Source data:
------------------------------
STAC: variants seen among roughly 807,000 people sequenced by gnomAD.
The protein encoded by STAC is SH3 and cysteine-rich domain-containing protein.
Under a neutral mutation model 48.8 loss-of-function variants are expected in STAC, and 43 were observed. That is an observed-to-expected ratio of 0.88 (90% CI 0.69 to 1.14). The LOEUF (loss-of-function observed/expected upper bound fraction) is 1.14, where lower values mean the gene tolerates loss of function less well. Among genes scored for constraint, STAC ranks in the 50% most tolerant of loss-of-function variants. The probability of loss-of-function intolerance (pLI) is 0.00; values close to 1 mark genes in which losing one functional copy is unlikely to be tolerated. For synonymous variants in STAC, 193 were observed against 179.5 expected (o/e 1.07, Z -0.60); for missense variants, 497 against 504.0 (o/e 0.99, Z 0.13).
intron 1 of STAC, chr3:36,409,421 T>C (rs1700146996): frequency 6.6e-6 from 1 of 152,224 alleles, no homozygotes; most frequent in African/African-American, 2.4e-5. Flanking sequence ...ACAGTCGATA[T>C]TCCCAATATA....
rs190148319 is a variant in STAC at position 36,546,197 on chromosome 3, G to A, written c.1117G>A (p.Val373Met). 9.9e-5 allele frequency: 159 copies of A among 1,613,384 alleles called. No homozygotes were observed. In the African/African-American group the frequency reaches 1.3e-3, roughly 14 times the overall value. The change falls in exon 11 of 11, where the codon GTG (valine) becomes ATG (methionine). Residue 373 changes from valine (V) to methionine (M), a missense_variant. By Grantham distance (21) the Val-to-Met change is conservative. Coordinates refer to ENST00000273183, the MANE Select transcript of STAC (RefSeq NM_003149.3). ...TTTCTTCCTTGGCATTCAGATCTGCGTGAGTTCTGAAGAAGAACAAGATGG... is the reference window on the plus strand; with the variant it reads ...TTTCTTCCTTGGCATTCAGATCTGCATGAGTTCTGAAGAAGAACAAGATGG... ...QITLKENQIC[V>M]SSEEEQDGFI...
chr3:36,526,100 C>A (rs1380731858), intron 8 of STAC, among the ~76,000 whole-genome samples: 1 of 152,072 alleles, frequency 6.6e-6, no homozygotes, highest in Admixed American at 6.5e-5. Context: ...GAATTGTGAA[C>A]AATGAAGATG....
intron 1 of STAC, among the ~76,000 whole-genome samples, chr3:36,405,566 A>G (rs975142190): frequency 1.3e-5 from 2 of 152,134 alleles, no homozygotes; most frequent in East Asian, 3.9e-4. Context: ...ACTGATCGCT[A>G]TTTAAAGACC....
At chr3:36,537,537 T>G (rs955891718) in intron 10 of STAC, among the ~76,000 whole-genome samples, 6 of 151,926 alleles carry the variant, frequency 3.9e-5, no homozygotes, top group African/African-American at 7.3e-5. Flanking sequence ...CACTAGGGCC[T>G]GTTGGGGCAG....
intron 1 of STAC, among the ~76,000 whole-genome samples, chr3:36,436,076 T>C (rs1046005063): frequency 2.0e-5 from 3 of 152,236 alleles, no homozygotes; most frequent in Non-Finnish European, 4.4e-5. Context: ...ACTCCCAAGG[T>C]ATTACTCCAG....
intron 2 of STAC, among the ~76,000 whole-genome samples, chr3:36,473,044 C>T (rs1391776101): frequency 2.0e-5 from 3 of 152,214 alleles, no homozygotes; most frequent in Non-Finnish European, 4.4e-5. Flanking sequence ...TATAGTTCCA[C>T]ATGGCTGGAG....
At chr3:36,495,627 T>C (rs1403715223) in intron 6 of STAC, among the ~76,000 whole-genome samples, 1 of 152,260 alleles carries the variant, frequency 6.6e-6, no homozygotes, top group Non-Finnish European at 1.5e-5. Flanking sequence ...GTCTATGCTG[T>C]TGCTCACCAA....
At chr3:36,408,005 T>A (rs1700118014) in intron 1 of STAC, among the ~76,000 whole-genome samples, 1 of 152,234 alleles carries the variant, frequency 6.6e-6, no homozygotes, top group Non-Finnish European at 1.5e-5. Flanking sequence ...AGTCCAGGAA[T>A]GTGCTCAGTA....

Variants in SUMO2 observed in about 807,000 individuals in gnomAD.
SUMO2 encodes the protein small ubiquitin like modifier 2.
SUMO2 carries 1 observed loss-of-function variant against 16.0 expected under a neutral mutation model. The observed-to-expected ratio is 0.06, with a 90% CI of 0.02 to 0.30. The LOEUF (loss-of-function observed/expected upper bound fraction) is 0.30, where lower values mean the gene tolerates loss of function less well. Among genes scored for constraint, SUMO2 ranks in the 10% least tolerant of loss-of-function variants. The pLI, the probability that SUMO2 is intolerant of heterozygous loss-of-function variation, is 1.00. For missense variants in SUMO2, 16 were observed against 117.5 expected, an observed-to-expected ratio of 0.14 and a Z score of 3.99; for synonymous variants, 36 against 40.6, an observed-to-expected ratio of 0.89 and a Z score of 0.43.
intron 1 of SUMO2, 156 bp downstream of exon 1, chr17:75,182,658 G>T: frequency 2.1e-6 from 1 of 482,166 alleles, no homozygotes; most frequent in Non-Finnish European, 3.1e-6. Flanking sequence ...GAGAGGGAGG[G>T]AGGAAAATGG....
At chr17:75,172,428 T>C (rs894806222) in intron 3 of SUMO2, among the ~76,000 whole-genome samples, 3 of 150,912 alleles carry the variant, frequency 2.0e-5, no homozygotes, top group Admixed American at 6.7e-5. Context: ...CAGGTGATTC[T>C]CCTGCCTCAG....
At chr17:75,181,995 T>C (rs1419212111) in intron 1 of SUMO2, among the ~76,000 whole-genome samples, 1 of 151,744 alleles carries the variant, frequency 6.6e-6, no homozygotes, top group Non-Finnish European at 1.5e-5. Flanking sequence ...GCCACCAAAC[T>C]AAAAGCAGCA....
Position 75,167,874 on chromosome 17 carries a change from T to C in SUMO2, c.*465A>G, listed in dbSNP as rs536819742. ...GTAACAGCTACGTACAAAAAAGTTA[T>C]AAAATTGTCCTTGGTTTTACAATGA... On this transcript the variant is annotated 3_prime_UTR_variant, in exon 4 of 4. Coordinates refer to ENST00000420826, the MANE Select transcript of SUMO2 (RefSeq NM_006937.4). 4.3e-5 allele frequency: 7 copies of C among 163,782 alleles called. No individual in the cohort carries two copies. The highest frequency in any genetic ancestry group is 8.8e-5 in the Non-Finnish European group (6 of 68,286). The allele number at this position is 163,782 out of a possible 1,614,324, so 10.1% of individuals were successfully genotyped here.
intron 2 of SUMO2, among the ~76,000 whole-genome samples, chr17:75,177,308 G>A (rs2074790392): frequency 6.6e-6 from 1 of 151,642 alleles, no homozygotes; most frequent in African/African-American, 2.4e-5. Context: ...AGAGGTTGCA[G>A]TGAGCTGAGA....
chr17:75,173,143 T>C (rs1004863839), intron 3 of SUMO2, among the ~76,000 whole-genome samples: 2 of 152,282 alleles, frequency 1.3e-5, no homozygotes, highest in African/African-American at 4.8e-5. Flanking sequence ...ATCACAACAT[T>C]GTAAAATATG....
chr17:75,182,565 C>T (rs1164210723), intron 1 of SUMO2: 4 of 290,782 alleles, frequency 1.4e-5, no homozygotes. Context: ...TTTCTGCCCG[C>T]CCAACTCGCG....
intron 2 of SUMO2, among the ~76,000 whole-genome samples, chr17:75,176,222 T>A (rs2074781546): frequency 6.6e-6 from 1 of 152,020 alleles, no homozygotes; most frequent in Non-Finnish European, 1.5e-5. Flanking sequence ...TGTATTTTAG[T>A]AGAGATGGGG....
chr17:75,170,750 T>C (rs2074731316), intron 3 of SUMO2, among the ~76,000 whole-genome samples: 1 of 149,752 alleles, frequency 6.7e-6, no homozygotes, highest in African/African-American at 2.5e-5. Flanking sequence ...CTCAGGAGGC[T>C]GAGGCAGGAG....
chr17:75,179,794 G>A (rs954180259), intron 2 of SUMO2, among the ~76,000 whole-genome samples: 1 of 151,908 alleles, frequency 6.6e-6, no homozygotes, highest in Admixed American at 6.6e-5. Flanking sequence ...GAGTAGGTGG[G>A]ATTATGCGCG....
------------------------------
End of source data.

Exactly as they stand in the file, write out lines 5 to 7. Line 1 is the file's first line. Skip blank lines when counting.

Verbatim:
rs190148319 is a variant in STAC at position 36,546,197 on chromosome 3, G to A, written c.1117G>A (p.Val373Met). 9.9e-5 allele frequency: 159 copies of A among 1,613,384 alleles called. No homozygotes were observed. In the African/African-American group the frequency reaches 1.3e-3, roughly 14 times the overall value. The change falls in exon 11 of 11, where the codon GTG (valine) becomes ATG (methionine). Residue 373 changes from valine (V) to methionine (M), a missense_variant. By Grantham distance (21) the Val-to-Met change is conservative. Coordinates refer to ENST00000273183, the MANE Select transcript of STAC (RefSeq NM_003149.3). ...TTTCTTCCTTGGCATTCAGATCTGCGTGAGTTCTGAAGAAGAACAAGATGG... is the reference window on the plus strand; with the variant it reads ...TTTCTTCCTTGGCATTCAGATCTGCATGAGTTCTGAAGAAGAACAAGATGG... ...QITLKENQIC[V>M]SSEEEQDGFI...
chr3:36,526,100 C>A (rs1380731858), intron 8 of STAC, among the ~76,000 whole-genome samples: 1 of 152,072 alleles, frequency 6.6e-6, no homozygotes, highest in Admixed American at 6.5e-5. Context: ...GAATTGTGAA[C>A]AATGAAGATG....
intron 1 of STAC, among the ~76,000 whole-genome samples, chr3:36,405,566 A>G (rs975142190): frequency 1.3e-5 from 2 of 152,134 alleles, no homozygotes; most frequent in East Asian, 3.9e-4. Context: ...ACTGATCGCT[A>G]TTTAAAGACC....